I hasten to add shortly after, we were given radios in order to keep track of each other on such a large job. The radios were a godsend and proved essential. I finally fully appreciated their effectiveness, when I walked to a burger bar on Market street with Chris the other site labourer. Upon arriving Chris asked if I was buying anything but I just said no and waited outside. Watching him I waited till he got to the front of the queue and was just about to order, when I shouted down my radio,
“Everyone! Put your hands in the air!! This is a fuckin stick up!! Give me a Big Mac and make it quick!!!!”
I didn’t hang about. I was there long enough to see Chris desperately trying to get his radio out of his coat pocket.
Anyhow the day passed quite quickly, we went back to stripping the door furniture and I left John on the previous floor and carried on the floor above. All the time, entertained through out thinking about Toney’s descent.
I was meeting John later in the evening for a pint with a couple of other friends, so left him in town where he was going clothes shopping. Or, Getting Value For Money.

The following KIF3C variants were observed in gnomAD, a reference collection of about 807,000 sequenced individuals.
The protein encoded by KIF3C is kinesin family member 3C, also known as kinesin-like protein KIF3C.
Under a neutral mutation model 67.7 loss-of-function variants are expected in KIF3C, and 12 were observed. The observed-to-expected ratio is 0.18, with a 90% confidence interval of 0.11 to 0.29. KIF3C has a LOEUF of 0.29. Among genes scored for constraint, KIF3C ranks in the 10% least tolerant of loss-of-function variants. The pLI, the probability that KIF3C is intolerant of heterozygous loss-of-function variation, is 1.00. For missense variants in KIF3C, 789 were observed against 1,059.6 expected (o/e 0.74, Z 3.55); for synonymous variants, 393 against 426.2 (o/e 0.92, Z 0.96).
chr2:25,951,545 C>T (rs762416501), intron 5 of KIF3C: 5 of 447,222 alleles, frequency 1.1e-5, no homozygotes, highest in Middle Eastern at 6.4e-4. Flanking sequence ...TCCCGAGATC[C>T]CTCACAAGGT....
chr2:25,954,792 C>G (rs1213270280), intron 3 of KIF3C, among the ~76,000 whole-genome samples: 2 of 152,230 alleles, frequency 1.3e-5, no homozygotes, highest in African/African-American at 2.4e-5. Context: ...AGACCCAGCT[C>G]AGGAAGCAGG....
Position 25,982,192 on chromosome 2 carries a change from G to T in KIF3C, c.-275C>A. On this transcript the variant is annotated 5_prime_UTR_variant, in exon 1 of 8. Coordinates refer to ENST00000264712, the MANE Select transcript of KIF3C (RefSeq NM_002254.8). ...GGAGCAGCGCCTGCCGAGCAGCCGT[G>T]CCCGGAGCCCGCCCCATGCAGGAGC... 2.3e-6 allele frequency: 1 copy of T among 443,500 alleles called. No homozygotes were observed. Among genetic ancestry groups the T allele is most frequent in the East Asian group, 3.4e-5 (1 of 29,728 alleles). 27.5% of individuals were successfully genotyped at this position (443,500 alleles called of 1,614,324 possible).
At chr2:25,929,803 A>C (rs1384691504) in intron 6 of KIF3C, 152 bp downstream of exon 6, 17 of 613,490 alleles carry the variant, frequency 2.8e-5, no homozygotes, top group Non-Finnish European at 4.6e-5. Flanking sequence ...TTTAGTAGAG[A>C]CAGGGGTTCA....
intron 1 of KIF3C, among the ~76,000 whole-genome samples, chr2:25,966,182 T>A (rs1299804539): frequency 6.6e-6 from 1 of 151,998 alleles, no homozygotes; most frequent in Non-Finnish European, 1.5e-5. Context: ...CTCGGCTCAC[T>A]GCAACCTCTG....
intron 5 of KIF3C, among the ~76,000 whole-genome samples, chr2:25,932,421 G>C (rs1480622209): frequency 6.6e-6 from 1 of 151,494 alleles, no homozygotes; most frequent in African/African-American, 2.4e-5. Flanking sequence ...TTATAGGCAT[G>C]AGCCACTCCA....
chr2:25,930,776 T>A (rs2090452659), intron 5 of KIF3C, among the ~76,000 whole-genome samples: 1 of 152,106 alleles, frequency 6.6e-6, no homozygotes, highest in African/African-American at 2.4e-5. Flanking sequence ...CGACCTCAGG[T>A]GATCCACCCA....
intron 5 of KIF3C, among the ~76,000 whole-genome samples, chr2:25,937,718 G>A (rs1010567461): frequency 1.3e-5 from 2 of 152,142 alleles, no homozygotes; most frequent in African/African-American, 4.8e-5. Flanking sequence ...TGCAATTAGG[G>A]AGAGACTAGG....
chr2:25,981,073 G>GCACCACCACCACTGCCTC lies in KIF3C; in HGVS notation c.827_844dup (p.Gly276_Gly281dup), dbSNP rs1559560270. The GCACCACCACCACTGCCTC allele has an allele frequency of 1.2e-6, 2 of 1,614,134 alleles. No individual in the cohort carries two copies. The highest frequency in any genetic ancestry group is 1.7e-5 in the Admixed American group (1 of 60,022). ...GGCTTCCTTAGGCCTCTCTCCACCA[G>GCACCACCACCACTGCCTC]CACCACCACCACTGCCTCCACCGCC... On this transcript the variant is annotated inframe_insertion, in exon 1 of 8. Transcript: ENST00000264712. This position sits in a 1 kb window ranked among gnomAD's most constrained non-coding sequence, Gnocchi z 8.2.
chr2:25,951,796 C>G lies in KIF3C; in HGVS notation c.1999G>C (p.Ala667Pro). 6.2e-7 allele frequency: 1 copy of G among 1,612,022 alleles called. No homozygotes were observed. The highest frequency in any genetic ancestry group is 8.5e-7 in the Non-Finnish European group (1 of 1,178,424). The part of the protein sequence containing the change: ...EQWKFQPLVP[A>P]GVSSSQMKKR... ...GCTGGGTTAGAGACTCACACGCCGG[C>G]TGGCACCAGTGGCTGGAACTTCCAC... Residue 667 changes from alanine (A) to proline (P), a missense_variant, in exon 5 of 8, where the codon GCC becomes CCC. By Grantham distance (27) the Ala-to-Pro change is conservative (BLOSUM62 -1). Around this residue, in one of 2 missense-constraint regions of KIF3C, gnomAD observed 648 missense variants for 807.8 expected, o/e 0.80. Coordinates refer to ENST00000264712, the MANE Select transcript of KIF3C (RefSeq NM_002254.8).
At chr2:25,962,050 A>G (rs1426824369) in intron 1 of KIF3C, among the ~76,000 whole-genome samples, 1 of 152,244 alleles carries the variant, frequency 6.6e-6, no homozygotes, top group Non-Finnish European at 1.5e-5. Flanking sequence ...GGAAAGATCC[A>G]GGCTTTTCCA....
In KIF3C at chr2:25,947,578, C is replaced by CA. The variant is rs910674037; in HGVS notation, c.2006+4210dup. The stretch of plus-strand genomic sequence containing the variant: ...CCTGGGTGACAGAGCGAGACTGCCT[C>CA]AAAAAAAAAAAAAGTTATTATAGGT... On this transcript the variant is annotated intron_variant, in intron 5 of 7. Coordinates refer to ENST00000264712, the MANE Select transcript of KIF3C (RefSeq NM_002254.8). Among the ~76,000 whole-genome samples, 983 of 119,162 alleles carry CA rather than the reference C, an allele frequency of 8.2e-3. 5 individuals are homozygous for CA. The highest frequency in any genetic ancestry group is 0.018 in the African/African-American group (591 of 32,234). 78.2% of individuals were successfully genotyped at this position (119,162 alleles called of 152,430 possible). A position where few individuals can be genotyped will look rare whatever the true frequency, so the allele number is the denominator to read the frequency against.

Now John like a bargain, so without hesitation he headed straight for a large store in town where he could buy lots for little. And never mind the sweat shops in the far east.
If I thought the day couldn’t get any better I was wrong.
I called to Johns house later that night to meet him and walk to the pub about 300 yards from his home. Small talk going, then in and order a pint for ourselves and the group we were meeting. Sit down and start a general conversation. It was then I noticed that John was wearing a new sweater.
“Ah! Got a bargain then?”
“Yep. Dirt cheap. Looks good yes?. Got the shirt and trousers too. Part of the display. Saw it on the Dummy.”
(Your a bloody dummy)
“Hey! …Anyway, couldn’t resist it. Must have cost me 25 quid all in. What a bargain.”
And I had to admit, child labour or not, 9 years olds in battery chicken cages not withstanding, this shop had churned out something that looked quite dapper on john who always liked to look smart. Nice cream V-neck sweater with piping to the sleeves and collar, brown trousers and nice shirt too.
So everybody agreed,
“Yeah, looks great John. Good result for the money,”
“Lovely shirt John.”